We are hearing that DevOps teams and SREs are increasingly using continuous integration/continuous deployment (CI/CD) and Infrastructure as Code (IaC) at every stage of app management. By introducing automation across the dev/production lifecycle, engineers see that code can be deployed faster to achieve a quicker time to market. Therefore, as we continue into 2021, I expect to see enterprises continue to ramp up their use of automation.
The resulting challenge: As organizations adopt greater automation and more of a cloud-native approach, their application and infrastructure environments become more complex. Automation introduces more components. At the same time, those components often run for extremely short periods of time. Moreover, each component generates its own operations data. Data is further generated by the communications between the services that constitute these distributed applications.
Be warned: greater complexity and larger volumes of data lead to more opportunities for automation blind spots.
The solution: Seek out an approach to monitoring that takes into account the entire developer and user experience. By moving tasks to the left as early as possible in the application lifecycle, we consistently see that developers benefit by testing early. This means they can identify defects before they become big problems. A monitoring solution that offers full-stack synthetics will help DevOps teams and SREs confidently shift left by providing end-to-end visibility into the pre-production environment and the user experience of the code on the external website or application.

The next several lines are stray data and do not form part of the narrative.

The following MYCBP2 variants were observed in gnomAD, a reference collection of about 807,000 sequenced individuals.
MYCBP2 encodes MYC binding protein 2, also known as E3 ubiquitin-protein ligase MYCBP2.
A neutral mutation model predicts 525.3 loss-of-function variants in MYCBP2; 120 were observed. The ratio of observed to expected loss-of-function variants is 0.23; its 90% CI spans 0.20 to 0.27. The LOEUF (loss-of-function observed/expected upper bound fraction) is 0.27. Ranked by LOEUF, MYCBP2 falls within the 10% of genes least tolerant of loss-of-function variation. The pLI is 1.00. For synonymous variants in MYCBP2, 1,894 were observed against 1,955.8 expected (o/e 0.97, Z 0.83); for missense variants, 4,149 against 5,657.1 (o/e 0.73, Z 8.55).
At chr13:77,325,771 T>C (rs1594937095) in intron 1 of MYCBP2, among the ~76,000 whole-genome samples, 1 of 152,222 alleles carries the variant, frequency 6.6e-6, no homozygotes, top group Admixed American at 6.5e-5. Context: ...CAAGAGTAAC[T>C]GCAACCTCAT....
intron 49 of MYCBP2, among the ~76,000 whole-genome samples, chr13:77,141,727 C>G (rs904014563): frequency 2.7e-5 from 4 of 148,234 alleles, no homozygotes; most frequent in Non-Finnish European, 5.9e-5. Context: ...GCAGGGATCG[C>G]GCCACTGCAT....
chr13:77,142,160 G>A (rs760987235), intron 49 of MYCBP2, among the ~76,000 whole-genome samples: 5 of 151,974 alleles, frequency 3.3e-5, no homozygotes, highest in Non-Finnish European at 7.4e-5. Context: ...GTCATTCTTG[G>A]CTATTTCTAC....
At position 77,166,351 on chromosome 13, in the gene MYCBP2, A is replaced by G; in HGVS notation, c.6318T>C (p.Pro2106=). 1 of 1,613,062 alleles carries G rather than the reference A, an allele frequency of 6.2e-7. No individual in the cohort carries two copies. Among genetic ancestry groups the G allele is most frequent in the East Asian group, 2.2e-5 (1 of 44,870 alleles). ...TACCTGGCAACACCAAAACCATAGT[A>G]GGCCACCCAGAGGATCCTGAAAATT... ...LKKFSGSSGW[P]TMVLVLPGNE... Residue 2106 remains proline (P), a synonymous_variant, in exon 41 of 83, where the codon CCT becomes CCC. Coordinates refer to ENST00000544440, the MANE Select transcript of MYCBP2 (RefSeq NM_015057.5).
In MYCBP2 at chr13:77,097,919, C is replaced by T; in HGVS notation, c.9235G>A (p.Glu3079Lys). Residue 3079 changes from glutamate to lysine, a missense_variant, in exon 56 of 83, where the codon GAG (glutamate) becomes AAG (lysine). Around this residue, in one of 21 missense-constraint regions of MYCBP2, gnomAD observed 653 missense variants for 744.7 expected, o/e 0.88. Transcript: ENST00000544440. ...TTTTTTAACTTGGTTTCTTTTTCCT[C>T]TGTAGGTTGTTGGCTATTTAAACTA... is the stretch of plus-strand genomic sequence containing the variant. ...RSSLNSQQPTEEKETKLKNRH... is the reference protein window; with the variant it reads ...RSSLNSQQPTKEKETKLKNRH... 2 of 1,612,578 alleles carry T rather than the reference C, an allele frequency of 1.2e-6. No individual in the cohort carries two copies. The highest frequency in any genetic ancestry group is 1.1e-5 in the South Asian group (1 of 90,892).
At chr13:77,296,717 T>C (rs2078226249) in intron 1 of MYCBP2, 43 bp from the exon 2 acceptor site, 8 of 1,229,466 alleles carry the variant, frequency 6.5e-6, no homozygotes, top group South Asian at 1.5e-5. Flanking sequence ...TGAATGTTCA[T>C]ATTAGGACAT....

3) “Like two peas in a pod:” observability and monitoring will play more in tandem.
The situation: We are seeing that SREs are increasingly using observability and monitoring together. As IT teams realize the ways in which the two disciplines can complement one another in enabling a better understanding of overall systems behavior and health, they are also finding that using the two in tandem helps with tracking valuable SLOs.
The challenge: SREs have often been using observability and monitoring data in a siloed way. This leads to a limited picture of the user experience. As the business environment has become more complicated, the gaps in the user experience picture have become more evident.
The solution: Observability allows Ops to pull data from logs, metrics, traces, and events for any stage in the production lifecycle. This expands the ability to glean insights from specific sets of data (highly useful in the era of big data). For maximum effect, enterprises will combine observability with digital experience monitoring to track all the delivery components necessary for their services to reach the end user.
Working together, these tools significantly heighten the ability of SREs, ITOps, and DevOps to perform deep root cause analysis and more quickly resolve performance issues without consuming excessive internal resources.
Bring It On, 2021!
By being aware of – and anticipating – these three trends in IT monitoring, DevOps and SREs can be better prepared to effectively troubleshoot performance issues and improve business outcomes.
Leo Vasiliou is Director of Product Marketing at Catchpoint.